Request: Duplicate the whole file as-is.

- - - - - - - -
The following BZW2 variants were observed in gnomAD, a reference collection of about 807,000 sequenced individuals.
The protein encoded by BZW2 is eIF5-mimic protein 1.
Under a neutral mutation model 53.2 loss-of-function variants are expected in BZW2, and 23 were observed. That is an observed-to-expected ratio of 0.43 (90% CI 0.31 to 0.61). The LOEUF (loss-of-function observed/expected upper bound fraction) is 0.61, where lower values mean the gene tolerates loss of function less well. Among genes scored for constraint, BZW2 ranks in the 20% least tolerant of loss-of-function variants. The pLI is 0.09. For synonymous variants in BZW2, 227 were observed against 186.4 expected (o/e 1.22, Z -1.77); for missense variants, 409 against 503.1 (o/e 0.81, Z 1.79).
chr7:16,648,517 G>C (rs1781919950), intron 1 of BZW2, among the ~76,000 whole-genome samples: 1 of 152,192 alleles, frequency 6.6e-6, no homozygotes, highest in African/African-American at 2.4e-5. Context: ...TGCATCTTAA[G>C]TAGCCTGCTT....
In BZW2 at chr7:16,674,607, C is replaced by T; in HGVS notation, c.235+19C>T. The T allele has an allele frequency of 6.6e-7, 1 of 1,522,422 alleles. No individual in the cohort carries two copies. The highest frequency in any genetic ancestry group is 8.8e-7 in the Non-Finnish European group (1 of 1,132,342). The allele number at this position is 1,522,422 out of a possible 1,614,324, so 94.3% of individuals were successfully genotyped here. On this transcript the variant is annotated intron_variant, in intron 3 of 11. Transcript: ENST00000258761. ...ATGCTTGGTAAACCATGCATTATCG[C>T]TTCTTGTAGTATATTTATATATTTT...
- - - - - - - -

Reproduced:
The following BZW2 variants were observed in gnomAD, a reference collection of about 807,000 sequenced individuals.
The protein encoded by BZW2 is eIF5-mimic protein 1.
Under a neutral mutation model 53.2 loss-of-function variants are expected in BZW2, and 23 were observed. That is an observed-to-expected ratio of 0.43 (90% CI 0.31 to 0.61). The LOEUF (loss-of-function observed/expected upper bound fraction) is 0.61, where lower values mean the gene tolerates loss of function less well. Among genes scored for constraint, BZW2 ranks in the 20% least tolerant of loss-of-function variants. The pLI is 0.09. For synonymous variants in BZW2, 227 were observed against 186.4 expected (o/e 1.22, Z -1.77); for missense variants, 409 against 503.1 (o/e 0.81, Z 1.79).
chr7:16,648,517 G>C (rs1781919950), intron 1 of BZW2, among the ~76,000 whole-genome samples: 1 of 152,192 alleles, frequency 6.6e-6, no homozygotes, highest in African/African-American at 2.4e-5. Context: ...TGCATCTTAA[G>C]TAGCCTGCTT....
In BZW2 at chr7:16,674,607, C is replaced by T; in HGVS notation, c.235+19C>T. The T allele has an allele frequency of 6.6e-7, 1 of 1,522,422 alleles. No individual in the cohort carries two copies. The highest frequency in any genetic ancestry group is 8.8e-7 in the Non-Finnish European group (1 of 1,132,342). The allele number at this position is 1,522,422 out of a possible 1,614,324, so 94.3% of individuals were successfully genotyped here. On this transcript the variant is annotated intron_variant, in intron 3 of 11. Transcript: ENST00000258761. ...ATGCTTGGTAAACCATGCATTATCG[C>T]TTCTTGTAGTATATTTATATATTTT...